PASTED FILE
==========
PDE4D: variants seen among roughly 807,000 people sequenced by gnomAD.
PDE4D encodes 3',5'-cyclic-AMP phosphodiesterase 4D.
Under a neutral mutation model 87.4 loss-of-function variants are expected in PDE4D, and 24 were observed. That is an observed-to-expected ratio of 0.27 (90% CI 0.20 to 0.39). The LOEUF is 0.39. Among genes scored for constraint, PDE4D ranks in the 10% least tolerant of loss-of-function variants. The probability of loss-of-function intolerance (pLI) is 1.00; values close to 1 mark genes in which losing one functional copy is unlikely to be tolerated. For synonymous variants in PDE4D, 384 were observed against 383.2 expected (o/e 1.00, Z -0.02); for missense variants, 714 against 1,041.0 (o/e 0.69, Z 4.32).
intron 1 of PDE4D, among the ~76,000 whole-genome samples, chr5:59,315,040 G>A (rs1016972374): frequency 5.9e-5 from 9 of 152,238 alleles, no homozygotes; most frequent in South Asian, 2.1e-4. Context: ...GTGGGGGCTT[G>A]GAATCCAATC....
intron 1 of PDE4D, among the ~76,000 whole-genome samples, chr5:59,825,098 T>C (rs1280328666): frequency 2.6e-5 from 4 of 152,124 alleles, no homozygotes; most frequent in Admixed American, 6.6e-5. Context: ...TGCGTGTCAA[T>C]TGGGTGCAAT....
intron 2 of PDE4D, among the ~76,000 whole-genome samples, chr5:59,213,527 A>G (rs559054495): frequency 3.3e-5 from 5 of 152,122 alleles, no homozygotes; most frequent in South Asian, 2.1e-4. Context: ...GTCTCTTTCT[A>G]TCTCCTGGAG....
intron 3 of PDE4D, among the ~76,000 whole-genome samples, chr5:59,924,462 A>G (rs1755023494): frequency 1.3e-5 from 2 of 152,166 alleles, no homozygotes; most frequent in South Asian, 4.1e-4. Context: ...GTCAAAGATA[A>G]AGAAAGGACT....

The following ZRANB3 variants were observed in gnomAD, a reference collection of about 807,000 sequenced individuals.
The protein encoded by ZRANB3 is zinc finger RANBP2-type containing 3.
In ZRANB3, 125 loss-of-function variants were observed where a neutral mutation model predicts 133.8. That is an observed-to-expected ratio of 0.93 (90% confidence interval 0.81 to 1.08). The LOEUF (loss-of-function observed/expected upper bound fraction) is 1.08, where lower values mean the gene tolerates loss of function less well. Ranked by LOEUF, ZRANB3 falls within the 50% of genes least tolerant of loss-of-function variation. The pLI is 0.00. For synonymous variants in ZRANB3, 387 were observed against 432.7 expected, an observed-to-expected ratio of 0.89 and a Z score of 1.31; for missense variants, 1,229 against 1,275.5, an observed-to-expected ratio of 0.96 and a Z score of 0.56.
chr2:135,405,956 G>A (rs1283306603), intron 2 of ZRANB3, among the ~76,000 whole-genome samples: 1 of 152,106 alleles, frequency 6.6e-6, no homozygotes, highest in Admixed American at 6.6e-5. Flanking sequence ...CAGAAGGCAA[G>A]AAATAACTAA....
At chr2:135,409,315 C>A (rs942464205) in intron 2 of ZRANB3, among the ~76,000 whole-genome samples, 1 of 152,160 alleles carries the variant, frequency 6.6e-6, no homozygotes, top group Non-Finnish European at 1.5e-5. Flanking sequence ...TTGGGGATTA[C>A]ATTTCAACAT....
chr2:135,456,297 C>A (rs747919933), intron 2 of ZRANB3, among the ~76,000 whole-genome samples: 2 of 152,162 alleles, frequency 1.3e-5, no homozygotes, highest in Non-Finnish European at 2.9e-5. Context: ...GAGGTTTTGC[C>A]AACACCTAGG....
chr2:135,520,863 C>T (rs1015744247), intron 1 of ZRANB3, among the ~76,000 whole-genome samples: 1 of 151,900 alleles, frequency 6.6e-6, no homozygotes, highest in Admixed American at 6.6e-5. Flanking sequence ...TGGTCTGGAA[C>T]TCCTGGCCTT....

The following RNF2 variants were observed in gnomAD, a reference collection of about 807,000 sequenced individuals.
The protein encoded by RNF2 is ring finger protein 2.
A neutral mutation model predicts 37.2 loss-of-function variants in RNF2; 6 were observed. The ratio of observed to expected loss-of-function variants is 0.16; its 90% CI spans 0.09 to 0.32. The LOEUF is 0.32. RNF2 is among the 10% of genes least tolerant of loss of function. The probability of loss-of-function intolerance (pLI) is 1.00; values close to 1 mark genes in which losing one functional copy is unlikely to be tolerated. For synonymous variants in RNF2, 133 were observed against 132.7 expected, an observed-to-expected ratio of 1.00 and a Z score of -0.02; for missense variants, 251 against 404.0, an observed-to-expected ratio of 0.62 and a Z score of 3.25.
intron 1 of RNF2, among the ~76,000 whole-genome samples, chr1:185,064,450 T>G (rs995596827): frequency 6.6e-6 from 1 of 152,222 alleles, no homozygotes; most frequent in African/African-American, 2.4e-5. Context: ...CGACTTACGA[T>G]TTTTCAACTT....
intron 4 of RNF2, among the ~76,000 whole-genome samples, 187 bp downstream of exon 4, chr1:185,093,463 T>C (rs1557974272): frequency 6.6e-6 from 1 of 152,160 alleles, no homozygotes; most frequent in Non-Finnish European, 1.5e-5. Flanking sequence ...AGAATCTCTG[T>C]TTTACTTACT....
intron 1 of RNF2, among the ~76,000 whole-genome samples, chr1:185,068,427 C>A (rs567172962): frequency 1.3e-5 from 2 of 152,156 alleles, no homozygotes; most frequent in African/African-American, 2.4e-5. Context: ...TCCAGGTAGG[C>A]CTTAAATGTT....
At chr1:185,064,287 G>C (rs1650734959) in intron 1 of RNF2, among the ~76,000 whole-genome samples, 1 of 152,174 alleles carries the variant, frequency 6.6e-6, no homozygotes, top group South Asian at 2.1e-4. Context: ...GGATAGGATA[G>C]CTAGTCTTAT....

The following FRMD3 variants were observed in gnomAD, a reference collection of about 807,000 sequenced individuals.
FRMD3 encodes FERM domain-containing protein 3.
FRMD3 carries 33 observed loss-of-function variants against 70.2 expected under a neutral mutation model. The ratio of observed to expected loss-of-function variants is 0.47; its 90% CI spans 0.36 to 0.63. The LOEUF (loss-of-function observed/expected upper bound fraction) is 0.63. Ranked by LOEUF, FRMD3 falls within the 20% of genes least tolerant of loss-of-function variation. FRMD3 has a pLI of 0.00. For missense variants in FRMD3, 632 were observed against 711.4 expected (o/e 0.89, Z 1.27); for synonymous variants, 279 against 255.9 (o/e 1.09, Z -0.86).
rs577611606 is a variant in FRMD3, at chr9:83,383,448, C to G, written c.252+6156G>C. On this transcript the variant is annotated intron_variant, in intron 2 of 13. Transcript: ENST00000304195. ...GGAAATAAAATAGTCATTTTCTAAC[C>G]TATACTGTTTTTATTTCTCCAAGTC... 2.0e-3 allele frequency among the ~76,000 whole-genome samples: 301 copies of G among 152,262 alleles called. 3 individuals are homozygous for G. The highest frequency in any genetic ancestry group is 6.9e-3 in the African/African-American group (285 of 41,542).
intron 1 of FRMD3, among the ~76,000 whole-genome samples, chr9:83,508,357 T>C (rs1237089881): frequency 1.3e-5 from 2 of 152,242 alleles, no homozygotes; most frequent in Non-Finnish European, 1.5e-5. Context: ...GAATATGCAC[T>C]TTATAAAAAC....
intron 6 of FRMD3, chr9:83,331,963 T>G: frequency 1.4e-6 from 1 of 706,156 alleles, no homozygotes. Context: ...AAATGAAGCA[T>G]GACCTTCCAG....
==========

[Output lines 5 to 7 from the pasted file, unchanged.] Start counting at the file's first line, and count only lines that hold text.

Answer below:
intron 1 of PDE4D, among the ~76,000 whole-genome samples, chr5:59,825,098 T>C (rs1280328666): frequency 2.6e-5 from 4 of 152,124 alleles, no homozygotes; most frequent in Admixed American, 6.6e-5. Context: ...TGCGTGTCAA[T>C]TGGGTGCAAT....
intron 2 of PDE4D, among the ~76,000 whole-genome samples, chr5:59,213,527 A>G (rs559054495): frequency 3.3e-5 from 5 of 152,122 alleles, no homozygotes; most frequent in South Asian, 2.1e-4. Context: ...GTCTCTTTCT[A>G]TCTCCTGGAG....
intron 3 of PDE4D, among the ~76,000 whole-genome samples, chr5:59,924,462 A>G (rs1755023494): frequency 1.3e-5 from 2 of 152,166 alleles, no homozygotes; most frequent in South Asian, 4.1e-4. Context: ...GTCAAAGATA[A>G]AGAAAGGACT....